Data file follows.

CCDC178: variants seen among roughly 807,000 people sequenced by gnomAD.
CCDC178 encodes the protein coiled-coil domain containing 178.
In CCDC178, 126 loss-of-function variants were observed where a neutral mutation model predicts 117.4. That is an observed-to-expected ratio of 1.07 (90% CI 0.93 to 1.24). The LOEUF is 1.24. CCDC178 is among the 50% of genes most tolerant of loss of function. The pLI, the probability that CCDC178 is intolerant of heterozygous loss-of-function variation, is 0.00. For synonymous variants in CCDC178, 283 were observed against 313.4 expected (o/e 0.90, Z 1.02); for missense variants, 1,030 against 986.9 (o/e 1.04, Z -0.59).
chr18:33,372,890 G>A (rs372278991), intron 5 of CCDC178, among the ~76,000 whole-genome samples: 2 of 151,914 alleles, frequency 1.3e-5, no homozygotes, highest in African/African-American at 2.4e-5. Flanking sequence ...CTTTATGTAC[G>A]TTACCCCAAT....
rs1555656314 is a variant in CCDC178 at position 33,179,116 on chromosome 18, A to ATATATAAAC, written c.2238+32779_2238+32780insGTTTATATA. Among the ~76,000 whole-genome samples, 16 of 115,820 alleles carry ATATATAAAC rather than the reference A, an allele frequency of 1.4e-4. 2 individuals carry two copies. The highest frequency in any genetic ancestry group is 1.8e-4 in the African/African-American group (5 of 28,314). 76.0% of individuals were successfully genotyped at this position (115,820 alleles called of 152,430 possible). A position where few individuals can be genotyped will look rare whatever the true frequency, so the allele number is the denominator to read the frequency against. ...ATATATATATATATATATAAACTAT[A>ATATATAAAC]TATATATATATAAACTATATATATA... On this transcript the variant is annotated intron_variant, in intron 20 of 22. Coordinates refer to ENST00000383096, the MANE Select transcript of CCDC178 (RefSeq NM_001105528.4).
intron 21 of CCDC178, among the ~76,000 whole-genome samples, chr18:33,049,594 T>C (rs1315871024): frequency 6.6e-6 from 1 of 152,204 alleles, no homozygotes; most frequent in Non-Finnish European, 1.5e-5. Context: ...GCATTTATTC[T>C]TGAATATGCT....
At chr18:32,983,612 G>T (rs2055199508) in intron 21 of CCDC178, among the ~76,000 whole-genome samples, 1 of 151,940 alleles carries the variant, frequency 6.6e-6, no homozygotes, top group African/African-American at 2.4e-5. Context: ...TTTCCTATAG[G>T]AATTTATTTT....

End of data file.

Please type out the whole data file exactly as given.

CCDC178: variants seen among roughly 807,000 people sequenced by gnomAD.
CCDC178 encodes the protein coiled-coil domain containing 178.
In CCDC178, 126 loss-of-function variants were observed where a neutral mutation model predicts 117.4. That is an observed-to-expected ratio of 1.07 (90% CI 0.93 to 1.24). The LOEUF is 1.24. CCDC178 is among the 50% of genes most tolerant of loss of function. The pLI, the probability that CCDC178 is intolerant of heterozygous loss-of-function variation, is 0.00. For synonymous variants in CCDC178, 283 were observed against 313.4 expected (o/e 0.90, Z 1.02); for missense variants, 1,030 against 986.9 (o/e 1.04, Z -0.59).
chr18:33,372,890 G>A (rs372278991), intron 5 of CCDC178, among the ~76,000 whole-genome samples: 2 of 151,914 alleles, frequency 1.3e-5, no homozygotes, highest in African/African-American at 2.4e-5. Flanking sequence ...CTTTATGTAC[G>A]TTACCCCAAT....
rs1555656314 is a variant in CCDC178 at position 33,179,116 on chromosome 18, A to ATATATAAAC, written c.2238+32779_2238+32780insGTTTATATA. Among the ~76,000 whole-genome samples, 16 of 115,820 alleles carry ATATATAAAC rather than the reference A, an allele frequency of 1.4e-4. 2 individuals carry two copies. The highest frequency in any genetic ancestry group is 1.8e-4 in the African/African-American group (5 of 28,314). 76.0% of individuals were successfully genotyped at this position (115,820 alleles called of 152,430 possible). A position where few individuals can be genotyped will look rare whatever the true frequency, so the allele number is the denominator to read the frequency against. ...ATATATATATATATATATAAACTAT[A>ATATATAAAC]TATATATATATAAACTATATATATA... On this transcript the variant is annotated intron_variant, in intron 20 of 22. Coordinates refer to ENST00000383096, the MANE Select transcript of CCDC178 (RefSeq NM_001105528.4).
intron 21 of CCDC178, among the ~76,000 whole-genome samples, chr18:33,049,594 T>C (rs1315871024): frequency 6.6e-6 from 1 of 152,204 alleles, no homozygotes; most frequent in Non-Finnish European, 1.5e-5. Context: ...GCATTTATTC[T>C]TGAATATGCT....
At chr18:32,983,612 G>T (rs2055199508) in intron 21 of CCDC178, among the ~76,000 whole-genome samples, 1 of 151,940 alleles carries the variant, frequency 6.6e-6, no homozygotes, top group African/African-American at 2.4e-5. Context: ...TTTCCTATAG[G>T]AATTTATTTT....